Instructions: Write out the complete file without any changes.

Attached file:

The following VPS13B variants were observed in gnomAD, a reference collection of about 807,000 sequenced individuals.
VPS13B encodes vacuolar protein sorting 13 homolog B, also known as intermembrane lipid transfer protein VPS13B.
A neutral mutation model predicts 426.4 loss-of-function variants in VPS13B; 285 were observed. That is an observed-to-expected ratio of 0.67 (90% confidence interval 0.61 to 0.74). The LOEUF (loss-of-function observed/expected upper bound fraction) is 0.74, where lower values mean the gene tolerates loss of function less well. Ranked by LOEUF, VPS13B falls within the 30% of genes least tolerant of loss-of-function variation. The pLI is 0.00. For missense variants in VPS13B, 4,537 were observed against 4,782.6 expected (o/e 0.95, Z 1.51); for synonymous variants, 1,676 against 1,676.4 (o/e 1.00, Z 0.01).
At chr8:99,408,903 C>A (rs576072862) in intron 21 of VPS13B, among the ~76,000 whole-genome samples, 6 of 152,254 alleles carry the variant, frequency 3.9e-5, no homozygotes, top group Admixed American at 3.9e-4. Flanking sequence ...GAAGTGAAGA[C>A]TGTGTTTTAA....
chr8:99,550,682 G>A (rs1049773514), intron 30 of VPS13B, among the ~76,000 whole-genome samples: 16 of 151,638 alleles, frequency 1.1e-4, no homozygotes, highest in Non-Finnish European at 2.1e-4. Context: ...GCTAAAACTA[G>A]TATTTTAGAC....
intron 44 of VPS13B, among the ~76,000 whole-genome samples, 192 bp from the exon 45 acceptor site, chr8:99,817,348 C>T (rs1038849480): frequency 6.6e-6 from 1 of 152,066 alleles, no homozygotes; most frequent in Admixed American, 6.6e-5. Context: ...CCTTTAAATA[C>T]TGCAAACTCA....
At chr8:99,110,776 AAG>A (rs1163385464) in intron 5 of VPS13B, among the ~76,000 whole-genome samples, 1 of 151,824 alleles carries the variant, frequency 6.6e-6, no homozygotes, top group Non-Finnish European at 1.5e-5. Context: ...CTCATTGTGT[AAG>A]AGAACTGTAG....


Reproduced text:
The following VPS13B variants were observed in gnomAD, a reference collection of about 807,000 sequenced individuals.
VPS13B encodes vacuolar protein sorting 13 homolog B, also known as intermembrane lipid transfer protein VPS13B.
A neutral mutation model predicts 426.4 loss-of-function variants in VPS13B; 285 were observed. That is an observed-to-expected ratio of 0.67 (90% confidence interval 0.61 to 0.74). The LOEUF (loss-of-function observed/expected upper bound fraction) is 0.74, where lower values mean the gene tolerates loss of function less well. Ranked by LOEUF, VPS13B falls within the 30% of genes least tolerant of loss-of-function variation. The pLI is 0.00. For missense variants in VPS13B, 4,537 were observed against 4,782.6 expected (o/e 0.95, Z 1.51); for synonymous variants, 1,676 against 1,676.4 (o/e 1.00, Z 0.01).
At chr8:99,408,903 C>A (rs576072862) in intron 21 of VPS13B, among the ~76,000 whole-genome samples, 6 of 152,254 alleles carry the variant, frequency 3.9e-5, no homozygotes, top group Admixed American at 3.9e-4. Flanking sequence ...GAAGTGAAGA[C>A]TGTGTTTTAA....
chr8:99,550,682 G>A (rs1049773514), intron 30 of VPS13B, among the ~76,000 whole-genome samples: 16 of 151,638 alleles, frequency 1.1e-4, no homozygotes, highest in Non-Finnish European at 2.1e-4. Context: ...GCTAAAACTA[G>A]TATTTTAGAC....
intron 44 of VPS13B, among the ~76,000 whole-genome samples, 192 bp from the exon 45 acceptor site, chr8:99,817,348 C>T (rs1038849480): frequency 6.6e-6 from 1 of 152,066 alleles, no homozygotes; most frequent in Admixed American, 6.6e-5. Context: ...CCTTTAAATA[C>T]TGCAAACTCA....
At chr8:99,110,776 AAG>A (rs1163385464) in intron 5 of VPS13B, among the ~76,000 whole-genome samples, 1 of 151,824 alleles carries the variant, frequency 6.6e-6, no homozygotes, top group Non-Finnish European at 1.5e-5. Context: ...CTCATTGTGT[AAG>A]AGAACTGTAG....